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Uncle
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Discussion Starter · #1 ·
I'm sure readers are getting ready to fire off "You've got to be kidding, right?" type messages, but if you have experience on the matter, please read through before responding.

I have recently purchased a seriously over built 1989 Santana tandem with a stuck, decrepit captain's seat post. After trying a laundry list of other methods, I resorted to cutting it out. It's out now, but while cutting it out, I cut a 3", blade-wide slit in my seat tube:




This hole is far enough below the top tube junction that it will not interfere with my new post, and my gut says that since the seat tube is supported in 3 spots (top tube, down tube, and the center brace tube -- see second pic), that this slit is of no structural concern.

I'm ready to get this patched up, and very likely going to send it out for a repaint when it's done. My questions:

1) Can I use an epoxy like JB Weld or something else, to fill the hole, and if I do, will it withstand the sand blasting and powder coating process? Will the PC stick to it?

2) If it needs to be welded, can you recommend someone in the SF Bay Area to repair it? If this were a more critical repair, I'd only go to someone with lots of frame building experience. As it is not, I should be safe going to any good welder for this. Agree or no?

Epic Fail was previously noted, so no need to state it again. All thoughtful experienced responses are welcome.

Thanks much mtbrers!
 

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What you've done is created a stress concentrator of humoungous proportion.
At the ends of the cut the average stress in your seat tube will be multiplied by a factor of something like 5X to 20X. The stress in will cause the cut to progate as a crack. Maybe slowly maybe really fast.

You need a full penetration weld to fix that or maybe a brazed on Gusset will do.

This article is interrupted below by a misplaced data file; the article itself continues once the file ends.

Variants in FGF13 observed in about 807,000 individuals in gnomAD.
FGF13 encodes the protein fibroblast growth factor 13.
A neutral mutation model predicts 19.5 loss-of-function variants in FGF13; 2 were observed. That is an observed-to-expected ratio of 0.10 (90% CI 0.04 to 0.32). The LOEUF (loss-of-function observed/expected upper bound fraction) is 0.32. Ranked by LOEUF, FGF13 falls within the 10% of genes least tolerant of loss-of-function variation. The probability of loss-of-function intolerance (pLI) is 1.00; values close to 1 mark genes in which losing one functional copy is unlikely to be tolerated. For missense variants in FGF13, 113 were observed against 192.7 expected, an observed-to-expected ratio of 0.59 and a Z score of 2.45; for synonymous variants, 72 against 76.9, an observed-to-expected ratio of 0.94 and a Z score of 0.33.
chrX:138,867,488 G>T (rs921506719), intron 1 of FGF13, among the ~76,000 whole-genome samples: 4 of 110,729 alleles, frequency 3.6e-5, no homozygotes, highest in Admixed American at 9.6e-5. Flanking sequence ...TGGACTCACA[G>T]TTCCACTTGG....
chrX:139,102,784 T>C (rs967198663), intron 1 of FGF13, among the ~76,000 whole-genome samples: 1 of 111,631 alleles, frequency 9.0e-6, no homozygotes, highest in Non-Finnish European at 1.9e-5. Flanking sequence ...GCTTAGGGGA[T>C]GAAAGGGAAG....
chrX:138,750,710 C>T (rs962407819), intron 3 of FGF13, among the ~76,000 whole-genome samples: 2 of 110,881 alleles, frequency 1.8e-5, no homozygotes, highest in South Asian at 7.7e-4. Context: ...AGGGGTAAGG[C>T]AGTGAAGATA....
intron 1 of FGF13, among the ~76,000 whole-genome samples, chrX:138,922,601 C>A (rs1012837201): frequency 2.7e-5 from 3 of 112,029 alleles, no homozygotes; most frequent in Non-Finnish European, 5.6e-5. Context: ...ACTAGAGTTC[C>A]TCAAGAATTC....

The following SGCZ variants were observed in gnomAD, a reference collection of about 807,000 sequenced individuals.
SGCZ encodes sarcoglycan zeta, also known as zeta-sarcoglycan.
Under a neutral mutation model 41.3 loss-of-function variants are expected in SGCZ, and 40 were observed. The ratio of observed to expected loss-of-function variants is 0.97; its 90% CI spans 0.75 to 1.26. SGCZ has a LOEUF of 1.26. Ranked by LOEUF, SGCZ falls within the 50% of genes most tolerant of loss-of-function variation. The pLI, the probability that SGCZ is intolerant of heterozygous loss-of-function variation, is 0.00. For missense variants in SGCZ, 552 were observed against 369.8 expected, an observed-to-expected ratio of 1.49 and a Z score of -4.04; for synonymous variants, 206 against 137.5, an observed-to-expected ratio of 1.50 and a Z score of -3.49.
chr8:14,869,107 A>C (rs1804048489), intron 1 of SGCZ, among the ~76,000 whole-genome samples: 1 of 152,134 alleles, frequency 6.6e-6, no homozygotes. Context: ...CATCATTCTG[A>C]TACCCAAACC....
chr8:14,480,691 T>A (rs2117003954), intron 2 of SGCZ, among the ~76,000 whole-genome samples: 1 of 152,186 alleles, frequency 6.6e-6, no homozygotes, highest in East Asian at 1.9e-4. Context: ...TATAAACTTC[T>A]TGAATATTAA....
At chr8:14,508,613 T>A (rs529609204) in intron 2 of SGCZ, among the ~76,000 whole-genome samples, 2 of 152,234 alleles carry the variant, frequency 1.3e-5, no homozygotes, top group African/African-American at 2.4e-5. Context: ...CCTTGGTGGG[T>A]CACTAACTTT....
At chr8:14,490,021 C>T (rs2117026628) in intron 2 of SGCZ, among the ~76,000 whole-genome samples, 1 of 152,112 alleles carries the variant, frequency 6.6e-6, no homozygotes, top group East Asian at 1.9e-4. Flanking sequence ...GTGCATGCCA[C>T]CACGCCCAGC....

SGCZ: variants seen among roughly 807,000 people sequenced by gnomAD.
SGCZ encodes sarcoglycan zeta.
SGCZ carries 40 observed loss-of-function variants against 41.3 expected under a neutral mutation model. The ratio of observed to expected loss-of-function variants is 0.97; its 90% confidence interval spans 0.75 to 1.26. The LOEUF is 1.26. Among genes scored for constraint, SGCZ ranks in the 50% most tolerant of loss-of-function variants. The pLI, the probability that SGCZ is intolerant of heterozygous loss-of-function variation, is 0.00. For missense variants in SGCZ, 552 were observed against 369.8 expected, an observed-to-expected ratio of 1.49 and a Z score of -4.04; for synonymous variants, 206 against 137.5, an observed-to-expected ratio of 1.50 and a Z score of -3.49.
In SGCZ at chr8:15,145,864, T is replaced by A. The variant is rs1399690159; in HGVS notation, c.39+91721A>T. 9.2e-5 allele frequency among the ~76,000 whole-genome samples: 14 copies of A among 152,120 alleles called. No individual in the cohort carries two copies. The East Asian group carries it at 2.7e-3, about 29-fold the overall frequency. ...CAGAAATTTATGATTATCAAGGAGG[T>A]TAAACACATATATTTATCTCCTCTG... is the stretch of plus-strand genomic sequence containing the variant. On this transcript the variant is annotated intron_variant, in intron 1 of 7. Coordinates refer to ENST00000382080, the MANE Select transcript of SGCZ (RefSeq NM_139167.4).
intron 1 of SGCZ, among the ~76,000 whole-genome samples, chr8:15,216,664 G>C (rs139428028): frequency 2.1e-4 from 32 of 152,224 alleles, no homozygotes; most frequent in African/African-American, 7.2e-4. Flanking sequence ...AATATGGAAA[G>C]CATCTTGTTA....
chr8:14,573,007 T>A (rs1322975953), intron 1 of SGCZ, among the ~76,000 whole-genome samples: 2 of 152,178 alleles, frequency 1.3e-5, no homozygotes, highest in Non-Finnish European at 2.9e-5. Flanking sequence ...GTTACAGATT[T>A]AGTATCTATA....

Then the inside of the seatube will have cleaned up after a full pentration weld. Otherwise a seatpost won't fit back in there.

Go to a framebuilder for the repair.
 

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Yep bring it to a frame builder. Brazed patch or TIG weld the tube should be reamed after the repair. There will be distortion. JB weld won't take powder coat.

Tim
 

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I agree, a framebuilder should fix it.

But a few fixes should work. It is a tank and a cruiser so I don't believe it will be extremely stressed. If you can strip it entirely (paint too) and then either a TIG bead or some bronze filler should do.

Let me tell you what I would want.....I hate repairs where they bring the entire bike (wheels, parts and all dirty) I can't do anything with that, so strip it and make sure it's clean. If you want you could even go farther by stripping the paint in preparation for refinishing which would make a framebuilders life way easier. If you could put some solvent on a rag and really try and clean out the inside of the tube around the repair that would also be really helpful. If that is done than a quick weld job is all it is. Otherwise it sucks up an afternoon .
 

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Uncle
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Discussion Starter · #9 ·
Thanks y'all.

Patched, on the cheap, by a frame builder, and reamed by the LBS:


The patch is basically a steel band aid, and nearly the same size as a band aid. So, thinking about getting a small bottle of flesh tone paint. ;)

Powdercoated, and nearly assembled:


Fresh set of decals arrived from Santana today. The white walls are fun to look at, but will be replaced by more functional Serfas Drifters. Should be completed in the near future. Very glad I posted here and skipped the epoxy experiment. Thanks again for the zinger-free advice.
105mm
 

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105millimetersofpleasure said:
The patch is basically a steel band aid, and nearly the same size as a band aid. So, thinking about getting a small bottle of flesh tone paint. ;)
m
That would really be cool looking. I like that a lot. Please post pictures if you do this, 'cause I think that is funny and creative.
 
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